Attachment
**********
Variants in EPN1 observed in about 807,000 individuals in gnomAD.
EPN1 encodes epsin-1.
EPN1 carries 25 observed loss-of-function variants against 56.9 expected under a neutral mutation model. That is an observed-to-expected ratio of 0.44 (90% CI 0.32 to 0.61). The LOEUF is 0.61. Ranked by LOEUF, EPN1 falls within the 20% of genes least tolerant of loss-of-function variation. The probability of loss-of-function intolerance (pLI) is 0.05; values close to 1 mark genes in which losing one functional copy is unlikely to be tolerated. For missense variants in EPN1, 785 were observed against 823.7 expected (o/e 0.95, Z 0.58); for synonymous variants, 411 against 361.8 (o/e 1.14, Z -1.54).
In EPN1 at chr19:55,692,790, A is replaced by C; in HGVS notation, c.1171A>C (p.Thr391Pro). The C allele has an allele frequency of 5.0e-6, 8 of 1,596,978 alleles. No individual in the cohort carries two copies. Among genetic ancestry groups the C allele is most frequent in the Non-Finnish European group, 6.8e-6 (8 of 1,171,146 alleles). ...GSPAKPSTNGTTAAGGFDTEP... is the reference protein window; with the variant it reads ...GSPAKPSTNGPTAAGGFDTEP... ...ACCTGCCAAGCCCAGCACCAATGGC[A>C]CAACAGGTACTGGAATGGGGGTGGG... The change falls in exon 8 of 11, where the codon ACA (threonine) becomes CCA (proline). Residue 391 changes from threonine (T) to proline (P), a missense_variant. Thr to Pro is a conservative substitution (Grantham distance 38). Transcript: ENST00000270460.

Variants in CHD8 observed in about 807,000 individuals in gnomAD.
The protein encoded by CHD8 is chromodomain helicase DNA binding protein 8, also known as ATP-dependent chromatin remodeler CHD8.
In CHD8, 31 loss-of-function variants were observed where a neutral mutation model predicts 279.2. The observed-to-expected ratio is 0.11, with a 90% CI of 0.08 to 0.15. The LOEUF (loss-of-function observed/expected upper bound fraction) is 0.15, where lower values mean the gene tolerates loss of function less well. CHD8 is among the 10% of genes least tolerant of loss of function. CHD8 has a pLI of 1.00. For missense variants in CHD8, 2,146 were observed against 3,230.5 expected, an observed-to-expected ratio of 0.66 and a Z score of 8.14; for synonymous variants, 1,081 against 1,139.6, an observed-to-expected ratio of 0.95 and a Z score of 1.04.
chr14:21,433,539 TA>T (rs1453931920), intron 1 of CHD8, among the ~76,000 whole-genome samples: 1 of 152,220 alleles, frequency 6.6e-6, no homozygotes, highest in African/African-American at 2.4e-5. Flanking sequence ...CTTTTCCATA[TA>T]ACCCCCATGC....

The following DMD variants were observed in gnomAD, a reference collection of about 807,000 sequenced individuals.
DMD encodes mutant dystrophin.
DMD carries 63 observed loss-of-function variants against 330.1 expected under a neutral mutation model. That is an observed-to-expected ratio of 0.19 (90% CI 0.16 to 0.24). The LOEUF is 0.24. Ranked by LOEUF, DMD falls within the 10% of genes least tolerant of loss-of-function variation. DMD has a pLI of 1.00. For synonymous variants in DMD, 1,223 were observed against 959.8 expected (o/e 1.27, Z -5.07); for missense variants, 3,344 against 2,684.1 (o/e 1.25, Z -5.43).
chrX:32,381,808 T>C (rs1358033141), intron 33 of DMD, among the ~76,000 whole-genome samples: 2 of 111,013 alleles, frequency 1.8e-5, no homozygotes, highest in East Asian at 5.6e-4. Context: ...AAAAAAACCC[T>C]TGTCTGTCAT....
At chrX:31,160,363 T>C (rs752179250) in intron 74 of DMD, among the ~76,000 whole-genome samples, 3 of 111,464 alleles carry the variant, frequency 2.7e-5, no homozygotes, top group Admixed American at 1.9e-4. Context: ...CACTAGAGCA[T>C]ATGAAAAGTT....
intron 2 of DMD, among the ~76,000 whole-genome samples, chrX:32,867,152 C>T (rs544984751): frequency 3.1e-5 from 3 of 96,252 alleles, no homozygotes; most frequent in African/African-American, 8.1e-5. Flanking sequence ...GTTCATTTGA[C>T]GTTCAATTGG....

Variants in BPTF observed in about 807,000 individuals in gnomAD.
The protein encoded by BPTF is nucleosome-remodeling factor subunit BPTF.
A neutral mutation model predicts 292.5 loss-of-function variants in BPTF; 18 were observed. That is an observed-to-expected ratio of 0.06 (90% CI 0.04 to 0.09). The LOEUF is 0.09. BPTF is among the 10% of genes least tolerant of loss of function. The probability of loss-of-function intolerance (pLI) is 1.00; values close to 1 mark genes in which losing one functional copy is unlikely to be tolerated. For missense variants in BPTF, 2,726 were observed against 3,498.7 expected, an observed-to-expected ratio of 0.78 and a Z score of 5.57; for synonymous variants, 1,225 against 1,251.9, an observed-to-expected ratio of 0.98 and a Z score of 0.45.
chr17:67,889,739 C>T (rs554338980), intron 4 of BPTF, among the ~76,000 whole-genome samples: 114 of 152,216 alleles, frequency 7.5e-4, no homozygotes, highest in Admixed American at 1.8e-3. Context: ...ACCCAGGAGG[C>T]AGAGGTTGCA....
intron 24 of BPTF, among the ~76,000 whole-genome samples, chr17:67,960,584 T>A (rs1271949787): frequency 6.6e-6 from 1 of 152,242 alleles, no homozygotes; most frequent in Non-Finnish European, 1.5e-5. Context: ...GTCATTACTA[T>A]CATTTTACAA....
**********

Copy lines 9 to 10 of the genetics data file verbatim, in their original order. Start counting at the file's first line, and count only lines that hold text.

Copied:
The following DMD variants were observed in gnomAD, a reference collection of about 807,000 sequenced individuals.
DMD encodes mutant dystrophin.